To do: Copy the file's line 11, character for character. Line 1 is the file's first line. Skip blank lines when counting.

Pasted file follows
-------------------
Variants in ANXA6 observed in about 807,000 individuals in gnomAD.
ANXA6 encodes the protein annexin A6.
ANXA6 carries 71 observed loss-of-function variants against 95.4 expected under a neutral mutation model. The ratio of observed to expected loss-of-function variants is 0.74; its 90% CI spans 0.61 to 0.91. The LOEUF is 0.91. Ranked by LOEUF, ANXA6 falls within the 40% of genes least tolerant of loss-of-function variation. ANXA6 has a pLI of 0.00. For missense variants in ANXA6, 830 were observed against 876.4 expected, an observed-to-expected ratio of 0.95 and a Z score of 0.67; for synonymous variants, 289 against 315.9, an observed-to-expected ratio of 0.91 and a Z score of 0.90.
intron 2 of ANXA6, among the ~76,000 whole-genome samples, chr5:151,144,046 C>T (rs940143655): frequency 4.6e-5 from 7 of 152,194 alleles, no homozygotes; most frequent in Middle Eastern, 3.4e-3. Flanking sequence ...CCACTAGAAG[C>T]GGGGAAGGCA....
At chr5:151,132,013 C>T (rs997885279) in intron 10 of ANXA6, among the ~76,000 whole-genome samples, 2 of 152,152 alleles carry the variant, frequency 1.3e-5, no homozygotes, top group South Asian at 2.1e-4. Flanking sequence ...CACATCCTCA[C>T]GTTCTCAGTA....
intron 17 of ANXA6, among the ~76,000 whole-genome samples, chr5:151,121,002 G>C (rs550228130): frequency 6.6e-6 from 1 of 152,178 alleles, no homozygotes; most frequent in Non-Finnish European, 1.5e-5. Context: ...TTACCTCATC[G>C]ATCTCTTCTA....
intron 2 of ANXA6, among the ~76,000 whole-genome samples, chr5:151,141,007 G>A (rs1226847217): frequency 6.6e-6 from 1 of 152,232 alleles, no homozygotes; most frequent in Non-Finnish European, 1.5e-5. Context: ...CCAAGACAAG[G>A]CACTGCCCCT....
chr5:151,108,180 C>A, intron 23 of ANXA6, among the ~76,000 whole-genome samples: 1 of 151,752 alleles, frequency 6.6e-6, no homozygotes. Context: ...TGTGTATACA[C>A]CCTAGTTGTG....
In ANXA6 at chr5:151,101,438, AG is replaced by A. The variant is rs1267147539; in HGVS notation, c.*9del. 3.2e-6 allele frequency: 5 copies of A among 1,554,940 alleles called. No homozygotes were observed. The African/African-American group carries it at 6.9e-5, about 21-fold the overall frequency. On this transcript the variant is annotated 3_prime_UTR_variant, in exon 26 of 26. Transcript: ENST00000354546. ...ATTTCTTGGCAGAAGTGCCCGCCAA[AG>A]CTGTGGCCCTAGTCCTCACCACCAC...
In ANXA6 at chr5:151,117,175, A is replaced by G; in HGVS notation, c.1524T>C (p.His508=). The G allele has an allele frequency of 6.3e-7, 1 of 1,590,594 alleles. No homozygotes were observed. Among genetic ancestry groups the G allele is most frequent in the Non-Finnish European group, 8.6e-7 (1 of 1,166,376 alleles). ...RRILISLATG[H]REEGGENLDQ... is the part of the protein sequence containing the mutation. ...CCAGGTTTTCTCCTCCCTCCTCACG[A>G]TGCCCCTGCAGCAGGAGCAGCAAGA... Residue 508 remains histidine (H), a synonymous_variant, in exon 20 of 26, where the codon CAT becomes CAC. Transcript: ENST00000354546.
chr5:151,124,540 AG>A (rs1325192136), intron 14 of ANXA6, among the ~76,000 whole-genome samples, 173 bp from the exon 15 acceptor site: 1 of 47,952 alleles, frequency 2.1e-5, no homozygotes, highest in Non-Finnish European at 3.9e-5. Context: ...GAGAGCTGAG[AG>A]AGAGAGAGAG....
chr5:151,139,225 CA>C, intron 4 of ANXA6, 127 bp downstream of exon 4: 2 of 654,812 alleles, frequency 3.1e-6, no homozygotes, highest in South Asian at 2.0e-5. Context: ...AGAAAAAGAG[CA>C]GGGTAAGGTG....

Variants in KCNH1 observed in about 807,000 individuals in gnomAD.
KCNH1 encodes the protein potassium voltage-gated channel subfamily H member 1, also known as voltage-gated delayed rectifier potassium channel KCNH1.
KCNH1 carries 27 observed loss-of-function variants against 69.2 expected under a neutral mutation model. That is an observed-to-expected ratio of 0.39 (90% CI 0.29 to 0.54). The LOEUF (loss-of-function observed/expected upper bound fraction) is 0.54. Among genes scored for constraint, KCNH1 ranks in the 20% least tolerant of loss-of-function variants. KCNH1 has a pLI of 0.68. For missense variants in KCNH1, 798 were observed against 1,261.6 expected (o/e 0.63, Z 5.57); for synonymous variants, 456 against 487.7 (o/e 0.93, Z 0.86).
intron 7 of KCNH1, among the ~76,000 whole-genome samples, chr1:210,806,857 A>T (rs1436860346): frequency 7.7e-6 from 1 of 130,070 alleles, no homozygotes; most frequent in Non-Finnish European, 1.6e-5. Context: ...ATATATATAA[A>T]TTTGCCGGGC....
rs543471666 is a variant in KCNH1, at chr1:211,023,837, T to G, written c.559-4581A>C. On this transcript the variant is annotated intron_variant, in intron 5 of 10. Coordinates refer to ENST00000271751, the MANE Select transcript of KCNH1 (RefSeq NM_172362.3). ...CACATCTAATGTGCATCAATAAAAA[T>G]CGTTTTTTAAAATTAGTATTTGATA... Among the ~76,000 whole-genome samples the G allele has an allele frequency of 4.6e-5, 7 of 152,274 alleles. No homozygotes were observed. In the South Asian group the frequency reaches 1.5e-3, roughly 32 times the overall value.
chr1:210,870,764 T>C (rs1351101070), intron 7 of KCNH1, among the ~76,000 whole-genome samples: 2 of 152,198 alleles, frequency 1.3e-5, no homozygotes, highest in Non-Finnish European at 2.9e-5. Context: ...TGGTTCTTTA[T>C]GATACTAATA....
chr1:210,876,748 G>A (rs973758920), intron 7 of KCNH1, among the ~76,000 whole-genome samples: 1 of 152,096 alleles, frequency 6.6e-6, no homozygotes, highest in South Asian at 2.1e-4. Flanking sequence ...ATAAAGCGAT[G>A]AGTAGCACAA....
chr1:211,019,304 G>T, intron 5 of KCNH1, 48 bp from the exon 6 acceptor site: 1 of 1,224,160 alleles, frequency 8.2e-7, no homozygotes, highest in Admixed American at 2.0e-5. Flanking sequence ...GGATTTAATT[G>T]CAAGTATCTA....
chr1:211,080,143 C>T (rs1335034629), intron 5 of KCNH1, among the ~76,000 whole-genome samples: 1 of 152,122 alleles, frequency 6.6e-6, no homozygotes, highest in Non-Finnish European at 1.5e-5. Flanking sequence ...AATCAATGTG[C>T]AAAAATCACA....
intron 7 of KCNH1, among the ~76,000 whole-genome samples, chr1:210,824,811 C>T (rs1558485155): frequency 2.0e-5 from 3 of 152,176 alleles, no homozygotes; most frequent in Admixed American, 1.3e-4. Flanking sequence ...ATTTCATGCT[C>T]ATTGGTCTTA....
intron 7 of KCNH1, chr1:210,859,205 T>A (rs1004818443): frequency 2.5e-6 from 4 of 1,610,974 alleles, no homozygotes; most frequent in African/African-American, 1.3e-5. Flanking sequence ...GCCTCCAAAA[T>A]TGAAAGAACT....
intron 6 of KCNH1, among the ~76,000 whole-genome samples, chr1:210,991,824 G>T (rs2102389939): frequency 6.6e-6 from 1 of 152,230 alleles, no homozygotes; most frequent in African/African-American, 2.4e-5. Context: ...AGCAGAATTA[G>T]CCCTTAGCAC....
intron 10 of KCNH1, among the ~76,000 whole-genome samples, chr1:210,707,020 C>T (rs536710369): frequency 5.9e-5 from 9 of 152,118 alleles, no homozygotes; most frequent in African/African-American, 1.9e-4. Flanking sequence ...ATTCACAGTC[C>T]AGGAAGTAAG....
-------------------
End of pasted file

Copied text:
chr5:151,124,540 AG>A (rs1325192136), intron 14 of ANXA6, among the ~76,000 whole-genome samples, 173 bp from the exon 15 acceptor site: 1 of 47,952 alleles, frequency 2.1e-5, no homozygotes, highest in Non-Finnish European at 3.9e-5. Context: ...GAGAGCTGAG[AG>A]AGAGAGAGAG....